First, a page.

Many of us in the public interest telecommunications sphere are excited that the FCC appears poised to reclassify Internet access, which seems a necessary first step of protecting the open Internet.
Though we often focus on the false claims of the self-interested cable and telephone lobbyists when criticizing those who oppose FCC action on this, a recent Smithsonian Magazine article is a reminder that we must be vigilant with how the FCC uses this power. Clive Thompson penned “Air Waves” for the October, 2014, issue. It offers some context from the history of radio to discuss regulation of communication technologies.
When groups like the Electronic Frontier Foundation and other pro-open Internet groups question an enhanced FCC role in protecting the open Internet, they are often motivated by the somewhat terrible record of the FCC and its precursor in balancing the speech rights of everyone vs a motivated and self-interested for-profit industry.
In 1927 Congress created the Federal Radio Commission, endowed with the power to assign wavelengths. It began aggressively doing so, booting hundreds of small stations off the air, to produce “clear channels” for the big firms—wide-open zones where they could broadcast with no interference.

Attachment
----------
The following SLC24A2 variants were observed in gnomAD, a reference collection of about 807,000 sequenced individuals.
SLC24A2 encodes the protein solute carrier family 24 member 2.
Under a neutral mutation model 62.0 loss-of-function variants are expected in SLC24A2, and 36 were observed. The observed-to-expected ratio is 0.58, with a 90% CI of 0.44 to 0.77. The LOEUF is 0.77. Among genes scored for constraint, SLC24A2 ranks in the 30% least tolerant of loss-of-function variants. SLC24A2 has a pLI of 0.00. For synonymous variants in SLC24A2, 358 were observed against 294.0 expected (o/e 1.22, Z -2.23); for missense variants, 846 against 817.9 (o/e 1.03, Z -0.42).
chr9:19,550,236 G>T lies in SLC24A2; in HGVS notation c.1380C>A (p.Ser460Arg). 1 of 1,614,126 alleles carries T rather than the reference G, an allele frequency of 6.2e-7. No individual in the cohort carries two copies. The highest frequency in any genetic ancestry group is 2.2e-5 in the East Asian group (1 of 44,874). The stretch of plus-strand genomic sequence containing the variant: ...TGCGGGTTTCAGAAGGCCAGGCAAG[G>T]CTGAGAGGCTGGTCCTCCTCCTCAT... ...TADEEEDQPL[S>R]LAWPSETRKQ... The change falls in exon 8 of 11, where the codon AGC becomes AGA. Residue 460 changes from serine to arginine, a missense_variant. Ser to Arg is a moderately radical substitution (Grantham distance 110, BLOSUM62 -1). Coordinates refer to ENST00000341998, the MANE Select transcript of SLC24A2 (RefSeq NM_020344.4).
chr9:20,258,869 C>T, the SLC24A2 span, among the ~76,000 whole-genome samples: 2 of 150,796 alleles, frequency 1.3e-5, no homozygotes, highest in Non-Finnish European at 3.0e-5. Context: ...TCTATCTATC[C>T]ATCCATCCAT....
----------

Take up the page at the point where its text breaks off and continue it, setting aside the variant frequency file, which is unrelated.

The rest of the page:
Amateur time was over, as the FRC explicitly warned in a memo: “There is not room in the broadcast band for every school of thought, religious, political, social, and economic, each to have its separate broadcasting station, its mouthpiece in the ether.”
Using modern technology, there can be no doubt there is room in the broadcast for every school of thought – but we certainly have to be vigilant to ensure no current or future government agency turns the Internet into the morass of broadcast radio today. This goes both for the ways over-commercialization and consolidation has killed interesting content and the ways the FCC strictly polices some forms of offensive content (the famous seven dirty words) while ignoring blatantly racist or homophobic content. My view: the FCC should stay far from content and let households do their own filtering as necessary.